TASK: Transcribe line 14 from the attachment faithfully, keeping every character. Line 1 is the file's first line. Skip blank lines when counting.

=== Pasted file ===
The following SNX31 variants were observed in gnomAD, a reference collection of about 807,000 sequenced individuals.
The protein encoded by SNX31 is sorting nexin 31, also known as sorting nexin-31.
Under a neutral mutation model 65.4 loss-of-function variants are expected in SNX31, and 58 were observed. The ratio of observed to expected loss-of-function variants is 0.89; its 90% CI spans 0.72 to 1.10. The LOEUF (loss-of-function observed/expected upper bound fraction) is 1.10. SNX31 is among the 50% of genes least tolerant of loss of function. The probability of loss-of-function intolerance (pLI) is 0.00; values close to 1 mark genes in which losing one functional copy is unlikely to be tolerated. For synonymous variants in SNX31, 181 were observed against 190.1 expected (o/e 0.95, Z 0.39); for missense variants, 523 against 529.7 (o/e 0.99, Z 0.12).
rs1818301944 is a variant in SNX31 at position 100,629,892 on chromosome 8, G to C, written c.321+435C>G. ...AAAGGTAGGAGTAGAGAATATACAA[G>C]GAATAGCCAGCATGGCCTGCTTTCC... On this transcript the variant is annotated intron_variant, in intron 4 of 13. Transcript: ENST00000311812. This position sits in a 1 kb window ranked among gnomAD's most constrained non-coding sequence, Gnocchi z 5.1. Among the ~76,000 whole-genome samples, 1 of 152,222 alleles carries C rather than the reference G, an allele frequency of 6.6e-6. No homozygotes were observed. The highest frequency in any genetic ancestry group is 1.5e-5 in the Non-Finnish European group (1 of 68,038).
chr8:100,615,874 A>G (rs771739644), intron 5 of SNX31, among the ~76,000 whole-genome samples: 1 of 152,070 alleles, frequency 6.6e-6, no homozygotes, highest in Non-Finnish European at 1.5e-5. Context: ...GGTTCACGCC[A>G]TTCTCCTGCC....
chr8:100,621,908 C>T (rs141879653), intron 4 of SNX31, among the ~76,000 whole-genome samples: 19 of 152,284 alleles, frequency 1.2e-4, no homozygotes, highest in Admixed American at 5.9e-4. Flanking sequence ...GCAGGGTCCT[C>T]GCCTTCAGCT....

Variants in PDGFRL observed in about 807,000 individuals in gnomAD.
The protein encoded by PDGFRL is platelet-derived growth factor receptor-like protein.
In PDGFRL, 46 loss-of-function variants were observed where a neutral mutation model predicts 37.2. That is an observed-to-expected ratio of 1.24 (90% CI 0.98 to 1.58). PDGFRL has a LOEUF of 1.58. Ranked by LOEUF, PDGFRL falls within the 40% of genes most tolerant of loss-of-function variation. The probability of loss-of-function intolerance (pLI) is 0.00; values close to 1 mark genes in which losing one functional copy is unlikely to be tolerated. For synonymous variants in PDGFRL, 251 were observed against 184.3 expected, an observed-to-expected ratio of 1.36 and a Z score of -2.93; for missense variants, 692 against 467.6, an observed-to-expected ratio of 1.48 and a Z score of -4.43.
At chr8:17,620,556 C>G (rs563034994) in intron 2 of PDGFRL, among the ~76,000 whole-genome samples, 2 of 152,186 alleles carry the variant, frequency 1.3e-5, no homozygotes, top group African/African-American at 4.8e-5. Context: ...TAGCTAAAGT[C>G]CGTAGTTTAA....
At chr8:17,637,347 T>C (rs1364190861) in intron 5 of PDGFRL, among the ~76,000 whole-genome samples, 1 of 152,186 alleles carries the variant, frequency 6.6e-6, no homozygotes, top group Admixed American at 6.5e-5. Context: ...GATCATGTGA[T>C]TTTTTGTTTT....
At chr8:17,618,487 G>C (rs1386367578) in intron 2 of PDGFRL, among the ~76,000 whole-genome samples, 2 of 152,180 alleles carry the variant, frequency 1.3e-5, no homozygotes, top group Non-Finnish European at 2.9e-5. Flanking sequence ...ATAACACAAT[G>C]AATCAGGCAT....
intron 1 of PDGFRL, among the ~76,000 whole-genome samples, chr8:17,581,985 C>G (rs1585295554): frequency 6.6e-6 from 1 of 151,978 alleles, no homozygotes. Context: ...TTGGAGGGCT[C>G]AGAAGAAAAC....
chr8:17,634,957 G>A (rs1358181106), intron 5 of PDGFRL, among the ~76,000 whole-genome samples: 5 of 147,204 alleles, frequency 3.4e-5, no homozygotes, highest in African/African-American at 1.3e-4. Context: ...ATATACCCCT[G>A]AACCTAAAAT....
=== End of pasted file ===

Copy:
chr8:17,634,957 G>A (rs1358181106), intron 5 of PDGFRL, among the ~76,000 whole-genome samples: 5 of 147,204 alleles, frequency 3.4e-5, no homozygotes, highest in African/African-American at 1.3e-4. Context: ...ATATACCCCT[G>A]AACCTAAAAT....